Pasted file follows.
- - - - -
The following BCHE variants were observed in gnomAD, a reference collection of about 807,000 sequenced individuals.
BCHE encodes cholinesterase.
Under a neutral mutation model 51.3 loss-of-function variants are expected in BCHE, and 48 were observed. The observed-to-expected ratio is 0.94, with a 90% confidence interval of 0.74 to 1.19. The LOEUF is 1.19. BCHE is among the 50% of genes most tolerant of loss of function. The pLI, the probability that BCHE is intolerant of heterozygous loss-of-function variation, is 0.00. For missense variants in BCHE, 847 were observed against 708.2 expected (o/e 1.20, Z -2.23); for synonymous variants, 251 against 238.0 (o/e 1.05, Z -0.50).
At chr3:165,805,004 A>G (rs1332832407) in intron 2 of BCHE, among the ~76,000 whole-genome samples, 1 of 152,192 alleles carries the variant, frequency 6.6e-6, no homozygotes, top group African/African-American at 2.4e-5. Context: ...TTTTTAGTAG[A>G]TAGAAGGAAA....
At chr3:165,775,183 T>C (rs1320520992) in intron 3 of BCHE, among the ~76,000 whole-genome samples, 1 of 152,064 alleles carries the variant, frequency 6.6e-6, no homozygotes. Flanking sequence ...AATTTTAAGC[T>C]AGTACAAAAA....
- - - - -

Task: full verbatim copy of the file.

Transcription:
The following BCHE variants were observed in gnomAD, a reference collection of about 807,000 sequenced individuals.
BCHE encodes cholinesterase.
Under a neutral mutation model 51.3 loss-of-function variants are expected in BCHE, and 48 were observed. The observed-to-expected ratio is 0.94, with a 90% confidence interval of 0.74 to 1.19. The LOEUF is 1.19. BCHE is among the 50% of genes most tolerant of loss of function. The pLI, the probability that BCHE is intolerant of heterozygous loss-of-function variation, is 0.00. For missense variants in BCHE, 847 were observed against 708.2 expected (o/e 1.20, Z -2.23); for synonymous variants, 251 against 238.0 (o/e 1.05, Z -0.50).
At chr3:165,805,004 A>G (rs1332832407) in intron 2 of BCHE, among the ~76,000 whole-genome samples, 1 of 152,192 alleles carries the variant, frequency 6.6e-6, no homozygotes, top group African/African-American at 2.4e-5. Context: ...TTTTTAGTAG[A>G]TAGAAGGAAA....
At chr3:165,775,183 T>C (rs1320520992) in intron 3 of BCHE, among the ~76,000 whole-genome samples, 1 of 152,064 alleles carries the variant, frequency 6.6e-6, no homozygotes. Flanking sequence ...AATTTTAAGC[T>C]AGTACAAAAA....